Pierce is not overly sentimental about being a woman breaking new ground — she was also the first woman to serve as British ambassador to the United Nations when she was appointed in 2018 — but she emphasizes that diversity informs the best policies and decisions, in particular related to diplomacy, peace and security.  

She does, however, say that having women in powerful positions sends an important message to those carrying out violence against women, such as rape as a war crime by Russian forces in Ukraine and the Taliban’s oppressing of women in Afghanistan.  

“I think there’s something very important, representationally, about people like the Russians, like dictators, like rapists, seeing powerful women in powerful, and well understood high level positions,” she said. “Because it shows that something is going right, and I think that can give hope and comfort to other women who may not be so fortunate. But I would hope it would also put some of the perpetrators on notice that they can’t have it all their own way.”  

Pierce started her diplomatic career in the early 1980s, working on political-military affairs and arms control ahead of the eventual dissolution of the Soviet Union.  

She’s been at the forefront of diplomacy on some of the most harrowing conflicts of the 20th and 21st century, focused on the Balkans during the war in Bosnia and head of political-military affairs on Afghanistan after Sept. 11, 2001. She later served as ambassador in Kabul in 2015.   

In March 2018, when she arrived at the United Nations as permanent representative, she was faced with confronting her Russian counterpart over Moscow’s assassination attempt in the British town of Salisbury of a former Russian spy using a deadly, Soviet-era nerve agent, Novichok.  

“​​There is one country among us … Russia, which is playing fast and loose with our collective security and the international institutions that protect us,” she said during a meeting of the Security Council at the time that was convened by Russia pushing back on the chemical weapons accusations.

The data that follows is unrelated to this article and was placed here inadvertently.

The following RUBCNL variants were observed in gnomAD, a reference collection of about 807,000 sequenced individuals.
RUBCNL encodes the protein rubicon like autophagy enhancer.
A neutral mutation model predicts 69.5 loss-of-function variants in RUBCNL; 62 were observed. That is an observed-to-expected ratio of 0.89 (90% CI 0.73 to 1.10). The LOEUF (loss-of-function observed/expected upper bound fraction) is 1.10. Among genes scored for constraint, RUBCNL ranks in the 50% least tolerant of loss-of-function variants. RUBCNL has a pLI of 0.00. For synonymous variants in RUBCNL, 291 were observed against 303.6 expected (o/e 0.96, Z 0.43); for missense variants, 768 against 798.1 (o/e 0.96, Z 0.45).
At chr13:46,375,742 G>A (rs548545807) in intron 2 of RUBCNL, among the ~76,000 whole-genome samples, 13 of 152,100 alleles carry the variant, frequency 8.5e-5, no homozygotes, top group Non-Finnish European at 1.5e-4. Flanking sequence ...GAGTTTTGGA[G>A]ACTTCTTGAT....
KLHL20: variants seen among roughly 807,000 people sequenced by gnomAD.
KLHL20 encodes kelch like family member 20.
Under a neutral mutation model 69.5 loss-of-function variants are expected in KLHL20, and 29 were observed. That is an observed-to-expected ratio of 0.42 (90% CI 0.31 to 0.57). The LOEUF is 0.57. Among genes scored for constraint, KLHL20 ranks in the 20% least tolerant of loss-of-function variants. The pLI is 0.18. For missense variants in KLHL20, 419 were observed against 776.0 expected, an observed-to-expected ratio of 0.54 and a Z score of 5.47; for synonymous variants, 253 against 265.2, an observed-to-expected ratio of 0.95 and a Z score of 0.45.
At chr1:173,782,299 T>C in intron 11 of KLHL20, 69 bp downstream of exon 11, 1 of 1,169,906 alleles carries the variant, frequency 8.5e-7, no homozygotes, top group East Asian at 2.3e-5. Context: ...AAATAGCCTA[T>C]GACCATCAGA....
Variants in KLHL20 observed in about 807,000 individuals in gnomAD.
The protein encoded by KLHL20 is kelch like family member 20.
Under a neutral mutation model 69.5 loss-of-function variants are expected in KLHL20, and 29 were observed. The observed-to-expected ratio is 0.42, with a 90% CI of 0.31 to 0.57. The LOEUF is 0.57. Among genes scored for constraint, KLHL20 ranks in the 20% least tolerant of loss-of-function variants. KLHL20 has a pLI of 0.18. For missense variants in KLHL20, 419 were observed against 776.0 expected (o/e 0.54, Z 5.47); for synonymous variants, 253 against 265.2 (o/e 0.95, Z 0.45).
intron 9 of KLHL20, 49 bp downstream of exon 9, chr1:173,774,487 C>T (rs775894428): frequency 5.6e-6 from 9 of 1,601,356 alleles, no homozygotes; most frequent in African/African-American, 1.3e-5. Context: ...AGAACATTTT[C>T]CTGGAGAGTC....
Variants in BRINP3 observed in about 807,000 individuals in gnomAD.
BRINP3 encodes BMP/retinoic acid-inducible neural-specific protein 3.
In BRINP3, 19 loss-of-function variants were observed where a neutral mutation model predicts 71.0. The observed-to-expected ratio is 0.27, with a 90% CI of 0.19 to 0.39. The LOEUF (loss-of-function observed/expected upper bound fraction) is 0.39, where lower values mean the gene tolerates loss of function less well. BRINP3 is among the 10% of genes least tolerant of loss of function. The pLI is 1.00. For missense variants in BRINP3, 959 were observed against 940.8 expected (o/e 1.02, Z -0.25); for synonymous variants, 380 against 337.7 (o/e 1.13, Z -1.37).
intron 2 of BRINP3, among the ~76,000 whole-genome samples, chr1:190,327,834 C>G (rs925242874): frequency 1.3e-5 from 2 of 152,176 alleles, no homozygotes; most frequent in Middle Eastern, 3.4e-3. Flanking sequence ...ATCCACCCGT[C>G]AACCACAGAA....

“We cannot ignore the way that Russia seeks to undermine the international institutions, which have kept us safe since the end of the Second World War,” she added.  

Pierce has a talent for mixing blunt and realistic assessments of the state of the world with an air of approachability and good humor.  

“She’s a very clever woman. Let’s start with that,” Alexandra Papadopoulou, the Greek ambassador to the U.S., told The Hill. The two diplomats served as deputy permanent representatives to the U.N. in the mid-2000s and worked closely together on the Security Council at the time.  

Papadopoulou described Pierce as a “breath of fresh air” but also as “a tough lady, yes, oh my god, you don’t survive in this environment if you are just a puppet.”  

“She knows what she’s talking about, and she has an opinion — because some diplomats try to evade discussions. She never evades discussions.”  

And as the war in Ukraine drags on, Pierce reflected on how the relationship with Russian diplomats has changed.   

She said the relationship used to be professional — she still gets birthday messages from some Moscow diplomats — but that reasonable Russian envoys have either been sidelined or are now pedaling lies and disinformation.   

“I think that’s the difference, you could disagree with them before — and their human rights record has always been something we would push back on — but on the world’s stage, they were statesmen, and now that’s not happening,” she said.